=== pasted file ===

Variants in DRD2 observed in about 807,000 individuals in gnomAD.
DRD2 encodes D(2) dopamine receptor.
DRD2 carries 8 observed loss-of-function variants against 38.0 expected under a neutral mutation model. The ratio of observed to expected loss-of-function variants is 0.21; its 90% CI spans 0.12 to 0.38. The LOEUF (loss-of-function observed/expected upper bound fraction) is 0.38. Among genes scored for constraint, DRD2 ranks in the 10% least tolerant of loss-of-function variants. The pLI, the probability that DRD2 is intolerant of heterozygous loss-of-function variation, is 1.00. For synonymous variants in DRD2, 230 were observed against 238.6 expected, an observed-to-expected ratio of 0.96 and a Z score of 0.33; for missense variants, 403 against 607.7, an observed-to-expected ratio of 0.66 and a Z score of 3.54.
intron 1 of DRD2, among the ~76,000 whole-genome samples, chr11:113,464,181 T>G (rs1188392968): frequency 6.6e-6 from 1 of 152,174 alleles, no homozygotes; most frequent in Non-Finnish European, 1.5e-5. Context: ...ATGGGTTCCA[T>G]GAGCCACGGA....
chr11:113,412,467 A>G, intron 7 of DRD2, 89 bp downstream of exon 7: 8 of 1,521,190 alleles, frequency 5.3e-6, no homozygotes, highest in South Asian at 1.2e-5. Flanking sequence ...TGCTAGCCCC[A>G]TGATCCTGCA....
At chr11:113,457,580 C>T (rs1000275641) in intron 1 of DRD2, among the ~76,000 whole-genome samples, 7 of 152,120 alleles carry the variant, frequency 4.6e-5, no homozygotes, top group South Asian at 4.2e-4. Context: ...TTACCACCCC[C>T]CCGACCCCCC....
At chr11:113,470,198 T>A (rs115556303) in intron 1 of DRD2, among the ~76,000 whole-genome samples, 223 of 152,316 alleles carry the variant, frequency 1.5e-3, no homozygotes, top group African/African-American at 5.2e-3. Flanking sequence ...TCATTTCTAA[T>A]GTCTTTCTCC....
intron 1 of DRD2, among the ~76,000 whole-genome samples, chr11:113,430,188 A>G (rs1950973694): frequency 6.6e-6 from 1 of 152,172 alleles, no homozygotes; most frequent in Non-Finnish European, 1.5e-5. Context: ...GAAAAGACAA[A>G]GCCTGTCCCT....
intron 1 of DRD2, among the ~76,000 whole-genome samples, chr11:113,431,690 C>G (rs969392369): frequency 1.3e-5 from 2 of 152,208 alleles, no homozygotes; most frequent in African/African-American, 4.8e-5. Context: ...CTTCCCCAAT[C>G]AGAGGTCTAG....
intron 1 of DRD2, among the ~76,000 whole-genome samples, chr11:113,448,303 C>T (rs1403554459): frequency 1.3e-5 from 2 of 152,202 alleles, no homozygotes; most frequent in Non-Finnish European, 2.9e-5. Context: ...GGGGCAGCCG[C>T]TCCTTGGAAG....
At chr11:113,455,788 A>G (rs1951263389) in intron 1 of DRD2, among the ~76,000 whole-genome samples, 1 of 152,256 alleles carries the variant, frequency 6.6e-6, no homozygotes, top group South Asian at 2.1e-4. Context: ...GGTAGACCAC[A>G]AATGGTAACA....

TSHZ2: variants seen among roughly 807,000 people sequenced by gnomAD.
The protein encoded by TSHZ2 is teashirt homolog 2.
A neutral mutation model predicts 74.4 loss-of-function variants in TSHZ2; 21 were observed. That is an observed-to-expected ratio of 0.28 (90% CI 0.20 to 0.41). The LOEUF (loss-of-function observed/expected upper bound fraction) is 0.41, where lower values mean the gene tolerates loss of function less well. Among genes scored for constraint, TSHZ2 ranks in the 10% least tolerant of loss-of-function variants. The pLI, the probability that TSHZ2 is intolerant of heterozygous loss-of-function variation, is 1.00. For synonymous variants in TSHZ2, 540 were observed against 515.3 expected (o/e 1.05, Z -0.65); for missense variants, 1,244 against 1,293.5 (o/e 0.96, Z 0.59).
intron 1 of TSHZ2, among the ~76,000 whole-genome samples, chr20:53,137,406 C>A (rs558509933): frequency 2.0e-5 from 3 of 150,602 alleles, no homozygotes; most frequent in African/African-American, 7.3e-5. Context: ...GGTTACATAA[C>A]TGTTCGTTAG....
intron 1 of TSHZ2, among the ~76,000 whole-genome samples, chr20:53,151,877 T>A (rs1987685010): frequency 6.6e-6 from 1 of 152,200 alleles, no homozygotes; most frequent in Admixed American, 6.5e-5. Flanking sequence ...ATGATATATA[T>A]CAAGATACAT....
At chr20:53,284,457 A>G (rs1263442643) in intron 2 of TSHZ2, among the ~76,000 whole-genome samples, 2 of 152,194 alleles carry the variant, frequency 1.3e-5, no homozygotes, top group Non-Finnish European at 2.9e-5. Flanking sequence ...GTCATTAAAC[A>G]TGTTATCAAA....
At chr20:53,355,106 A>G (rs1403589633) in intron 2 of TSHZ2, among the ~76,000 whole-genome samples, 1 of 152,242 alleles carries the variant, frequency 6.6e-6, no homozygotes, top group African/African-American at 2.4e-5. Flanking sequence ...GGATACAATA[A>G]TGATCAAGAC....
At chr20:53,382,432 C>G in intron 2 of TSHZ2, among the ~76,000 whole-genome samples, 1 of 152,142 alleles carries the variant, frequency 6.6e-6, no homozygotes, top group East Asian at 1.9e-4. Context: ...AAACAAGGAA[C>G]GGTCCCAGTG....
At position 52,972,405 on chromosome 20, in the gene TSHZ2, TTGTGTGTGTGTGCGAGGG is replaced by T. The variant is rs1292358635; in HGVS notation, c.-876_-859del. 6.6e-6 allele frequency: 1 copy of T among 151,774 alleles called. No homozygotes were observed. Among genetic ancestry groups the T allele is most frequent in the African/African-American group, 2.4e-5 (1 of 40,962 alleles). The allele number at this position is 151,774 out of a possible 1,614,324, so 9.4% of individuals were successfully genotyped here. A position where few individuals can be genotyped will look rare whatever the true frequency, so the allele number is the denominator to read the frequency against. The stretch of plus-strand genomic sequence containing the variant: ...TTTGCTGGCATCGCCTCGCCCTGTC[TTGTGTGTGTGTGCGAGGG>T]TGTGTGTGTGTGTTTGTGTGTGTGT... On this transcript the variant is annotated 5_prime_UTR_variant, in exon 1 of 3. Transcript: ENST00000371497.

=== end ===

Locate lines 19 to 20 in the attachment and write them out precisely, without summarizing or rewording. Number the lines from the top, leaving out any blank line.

At chr20:53,382,432 C>G in intron 2 of TSHZ2, among the ~76,000 whole-genome samples, 1 of 152,142 alleles carries the variant, frequency 6.6e-6, no homozygotes, top group East Asian at 1.9e-4. Context: ...AAACAAGGAA[C>G]GGTCCCAGTG....
At position 52,972,405 on chromosome 20, in the gene TSHZ2, TTGTGTGTGTGTGCGAGGG is replaced by T. The variant is rs1292358635; in HGVS notation, c.-876_-859del. 6.6e-6 allele frequency: 1 copy of T among 151,774 alleles called. No homozygotes were observed. Among genetic ancestry groups the T allele is most frequent in the African/African-American group, 2.4e-5 (1 of 40,962 alleles). The allele number at this position is 151,774 out of a possible 1,614,324, so 9.4% of individuals were successfully genotyped here. A position where few individuals can be genotyped will look rare whatever the true frequency, so the allele number is the denominator to read the frequency against. The stretch of plus-strand genomic sequence containing the variant: ...TTTGCTGGCATCGCCTCGCCCTGTC[TTGTGTGTGTGTGCGAGGG>T]TGTGTGTGTGTGTTTGTGTGTGTGT... On this transcript the variant is annotated 5_prime_UTR_variant, in exon 1 of 3. Transcript: ENST00000371497.